U.S. remains silent on killing of Al-Qaida leader


The top U.S. military officer Friday described the air strike that killed a high-ranking al-Qaida commander in Pakistan as an important victory, but he refused to say whether the U.S. government had anything to do with it.

"The strike was a very important one, it was a very lethal one," Navy Adm. Mike Mullen, chairman of the Joint Chiefs of Staff, said at a Pentagon news conference. He brushed aside questions about any role the Pentagon played in it.

The CIA and the Pakistan government also refused to say who might have fired the missile or missiles that are believed to have killed Abu Laith al-Libi and perhaps some other al-Qaida leaders in a small compound in northwest Pakistan earlier this week.

The U.S. government's reluctance to take public credit for killing of Libi underscores the growing tensions between the United States and Pakistan over how to attack al-Qaida as it entrenches itself on the territory of the key U.S. ally, current and former U.S. officials and other experts said.

Pakistan won't allow U.S. forces onto its soil to conduct counter-terrorism missions, so Washington has resorted to air strikes launched from across the border in Afghanistan. But despite the occasional success, few in the counter-terrorism community believes that air strikes are enough, and some have been openly pressing for more access.

In recent weeks, Director of National Intelligence Michael McConnell and CIA Director Michael V. Hayden made a trip to Pakistan to press for more cooperation from military and intelligence officials there. And Friday, Mullen said he, too, will be traveling to Islamabad later this month to meet with Pakistani leaders, including the army chief, Gen. Ashfaq Kiani.

"While this particular strike was very successful, and we were very pleased with the outcome, there is still a great deal more work to do," Mullen said.

Mullen said the U.S. government remains "concerned about the safe havens" in the tribal areas, a concern heightened by an increase in al-Qaida and Taliban violence against targets inside Pakistan in recent months.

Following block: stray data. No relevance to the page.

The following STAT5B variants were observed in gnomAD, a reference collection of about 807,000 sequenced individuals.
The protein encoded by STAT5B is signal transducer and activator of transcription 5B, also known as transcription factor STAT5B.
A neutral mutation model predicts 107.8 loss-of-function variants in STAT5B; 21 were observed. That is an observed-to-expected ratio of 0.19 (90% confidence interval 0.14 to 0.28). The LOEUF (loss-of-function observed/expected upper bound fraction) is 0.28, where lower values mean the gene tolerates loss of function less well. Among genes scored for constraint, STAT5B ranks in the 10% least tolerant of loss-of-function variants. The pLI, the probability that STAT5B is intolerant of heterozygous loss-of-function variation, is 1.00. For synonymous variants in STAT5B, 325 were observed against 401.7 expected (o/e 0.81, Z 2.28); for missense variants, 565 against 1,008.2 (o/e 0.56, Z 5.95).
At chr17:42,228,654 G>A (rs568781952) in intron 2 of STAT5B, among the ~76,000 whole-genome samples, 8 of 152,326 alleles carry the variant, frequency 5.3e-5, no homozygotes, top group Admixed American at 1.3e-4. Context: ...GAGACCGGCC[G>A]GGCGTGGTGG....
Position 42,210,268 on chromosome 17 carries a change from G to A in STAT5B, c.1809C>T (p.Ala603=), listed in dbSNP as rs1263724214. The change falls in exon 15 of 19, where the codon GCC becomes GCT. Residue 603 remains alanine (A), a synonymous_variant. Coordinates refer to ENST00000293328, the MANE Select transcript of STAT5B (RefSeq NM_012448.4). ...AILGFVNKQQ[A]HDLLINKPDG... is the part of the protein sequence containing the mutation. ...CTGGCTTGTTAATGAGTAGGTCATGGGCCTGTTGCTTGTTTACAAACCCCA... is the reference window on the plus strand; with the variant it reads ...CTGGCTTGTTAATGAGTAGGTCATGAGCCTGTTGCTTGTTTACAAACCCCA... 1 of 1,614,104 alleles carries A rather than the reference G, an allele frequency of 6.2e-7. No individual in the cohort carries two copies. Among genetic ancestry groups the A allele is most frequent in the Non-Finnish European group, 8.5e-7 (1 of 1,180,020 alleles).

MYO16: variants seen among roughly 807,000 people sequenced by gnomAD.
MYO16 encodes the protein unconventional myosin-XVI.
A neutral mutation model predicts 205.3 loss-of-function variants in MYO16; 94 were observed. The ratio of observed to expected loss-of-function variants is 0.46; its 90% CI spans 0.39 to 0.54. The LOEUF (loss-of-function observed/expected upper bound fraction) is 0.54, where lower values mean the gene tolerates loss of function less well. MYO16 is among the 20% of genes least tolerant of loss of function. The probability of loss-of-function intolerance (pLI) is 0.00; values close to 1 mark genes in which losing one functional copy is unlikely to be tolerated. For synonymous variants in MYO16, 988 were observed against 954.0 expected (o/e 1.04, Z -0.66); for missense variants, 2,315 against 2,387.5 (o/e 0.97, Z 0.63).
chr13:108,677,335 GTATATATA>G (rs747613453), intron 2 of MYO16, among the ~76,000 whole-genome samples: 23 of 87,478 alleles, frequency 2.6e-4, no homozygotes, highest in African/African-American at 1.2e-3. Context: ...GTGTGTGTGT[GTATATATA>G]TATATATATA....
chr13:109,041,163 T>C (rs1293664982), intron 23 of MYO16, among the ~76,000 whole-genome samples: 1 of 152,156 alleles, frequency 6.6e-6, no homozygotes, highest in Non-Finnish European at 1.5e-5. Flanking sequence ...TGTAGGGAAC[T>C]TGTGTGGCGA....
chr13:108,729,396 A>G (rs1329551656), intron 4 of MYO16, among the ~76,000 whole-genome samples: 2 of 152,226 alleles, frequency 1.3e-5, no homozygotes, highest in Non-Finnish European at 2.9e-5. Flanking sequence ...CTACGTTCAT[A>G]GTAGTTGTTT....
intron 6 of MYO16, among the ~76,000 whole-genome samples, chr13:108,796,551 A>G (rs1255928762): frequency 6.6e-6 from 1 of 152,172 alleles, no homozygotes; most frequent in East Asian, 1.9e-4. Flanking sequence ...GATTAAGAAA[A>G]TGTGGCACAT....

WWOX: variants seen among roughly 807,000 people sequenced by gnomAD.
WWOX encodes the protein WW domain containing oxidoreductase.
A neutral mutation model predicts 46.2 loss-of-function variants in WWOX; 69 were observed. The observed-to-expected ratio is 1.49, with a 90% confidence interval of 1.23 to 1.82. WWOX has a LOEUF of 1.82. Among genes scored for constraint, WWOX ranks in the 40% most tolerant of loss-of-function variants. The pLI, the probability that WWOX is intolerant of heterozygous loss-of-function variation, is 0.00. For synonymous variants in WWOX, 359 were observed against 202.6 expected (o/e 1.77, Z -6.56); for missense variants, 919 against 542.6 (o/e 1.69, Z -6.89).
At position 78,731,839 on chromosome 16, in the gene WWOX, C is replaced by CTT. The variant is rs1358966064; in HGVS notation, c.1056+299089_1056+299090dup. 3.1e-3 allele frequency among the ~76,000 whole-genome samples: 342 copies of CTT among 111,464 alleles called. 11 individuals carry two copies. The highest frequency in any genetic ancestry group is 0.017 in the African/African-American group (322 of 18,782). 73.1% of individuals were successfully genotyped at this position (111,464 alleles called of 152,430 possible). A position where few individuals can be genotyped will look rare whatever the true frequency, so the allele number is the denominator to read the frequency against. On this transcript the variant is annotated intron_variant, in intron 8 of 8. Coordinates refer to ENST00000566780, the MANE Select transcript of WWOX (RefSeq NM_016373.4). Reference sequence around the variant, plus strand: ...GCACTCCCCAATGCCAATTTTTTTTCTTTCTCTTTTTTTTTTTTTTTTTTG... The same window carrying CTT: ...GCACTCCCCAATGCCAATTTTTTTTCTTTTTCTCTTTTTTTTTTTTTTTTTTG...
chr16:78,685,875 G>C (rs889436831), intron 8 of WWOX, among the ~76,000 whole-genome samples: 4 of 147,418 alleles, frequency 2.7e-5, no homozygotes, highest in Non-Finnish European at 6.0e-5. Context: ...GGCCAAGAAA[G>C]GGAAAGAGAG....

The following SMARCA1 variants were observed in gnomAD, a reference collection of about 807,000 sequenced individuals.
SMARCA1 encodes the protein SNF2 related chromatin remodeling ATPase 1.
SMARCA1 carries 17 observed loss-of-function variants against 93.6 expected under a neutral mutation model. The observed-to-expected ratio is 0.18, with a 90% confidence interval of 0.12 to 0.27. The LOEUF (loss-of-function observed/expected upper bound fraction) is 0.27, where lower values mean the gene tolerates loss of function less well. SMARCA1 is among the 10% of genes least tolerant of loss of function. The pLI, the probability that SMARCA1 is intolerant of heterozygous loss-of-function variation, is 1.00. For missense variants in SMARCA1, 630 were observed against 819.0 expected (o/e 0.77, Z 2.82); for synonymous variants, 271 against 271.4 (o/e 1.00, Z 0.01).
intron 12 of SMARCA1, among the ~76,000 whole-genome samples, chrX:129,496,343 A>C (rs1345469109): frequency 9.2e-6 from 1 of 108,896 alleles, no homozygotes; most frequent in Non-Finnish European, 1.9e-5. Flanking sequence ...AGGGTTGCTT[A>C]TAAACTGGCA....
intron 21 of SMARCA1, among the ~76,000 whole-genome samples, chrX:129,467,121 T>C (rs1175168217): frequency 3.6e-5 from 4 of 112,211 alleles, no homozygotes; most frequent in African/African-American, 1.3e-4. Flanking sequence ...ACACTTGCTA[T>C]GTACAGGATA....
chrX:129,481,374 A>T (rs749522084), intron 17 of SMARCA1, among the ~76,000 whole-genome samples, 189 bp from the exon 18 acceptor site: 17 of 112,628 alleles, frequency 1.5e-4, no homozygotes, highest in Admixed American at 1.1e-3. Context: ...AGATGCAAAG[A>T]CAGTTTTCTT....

"Being able to have an impact in a safe haven, I think, is an important one," Mullen said. "We're very committed to working with the Pakistanis on this."

He acknowledged that the United States remains essentially powerless to do anything within Pakistan without the government's cooperation. He said he hoped to establish a personal relationship with Kiani and the rest of the Pakistan leadership and to "make sure that I understand his concerns and in fact work very hard to support them. ... We will only do what is requested by Pakistan."

President Pervez Musharraf has insisted that Pakistani forces are capable of defeating al-Qaida, the Taliban and other militants in the tribal areas. He has remained silent on Libi's death, which was announced this week on some al-Qaida-affiliated Web sites.

Local officials had said about 12 people were killed in the strike late Monday or early Tuesday, most of them "foreigners" &

Arabs and Central Asians, which fits the profile of al-Qaida fighters present in the tribal areas.

Residents had reported a missile strike on the small compound just outside Mir Ali, which is considered a militant stronghold. Witnesses said they heard what they believed were Predator drones flying in the area shortly before the compound was hit.

Bruce Riedel, a veteran Pakistan expert with the CIA, State Department and National Security Council, said the silence surrounding who was behind the air strike was designed to hide the fact that the United States is being forced to fight al-Qaida at a distance without the full support of the Pakistan government.

"That no one seems to be responsible shows just how delicate and fragile our relationship ... with Pakistan is," Riedel said. He said the situation has deteriorated significantly in recent months, as the United States grows more concerned with the spread of Taliban militants, the assassination of former Prime Minister Benazir Bhutto and the Musharraf government's preoccupation with winning upcoming parliamentary elections.

"We are now seeing a huge al-Qaida and Taliban presence in Pakistan, and a Pakistan government that is not capable of dealing with it itself, and is reeling because of its own domestic political problems, and we have to resort to fighting it indirectly through unacknowledged Predator strikes. That is far from an optimal way of going about it," said Riedel, who is now a South Asia expert and senior fellow at the Brookings Institution, a centrist Washington think tank.

Lisa A. Curtis, who also was a Pakistan expert at the CIA, the State Department and the Senate Foreign Relations Committee, said the silence was understandable given that a large percentage of the Pakistani people have said they opposed their government's cooperation with the United States on counter-terrorism.

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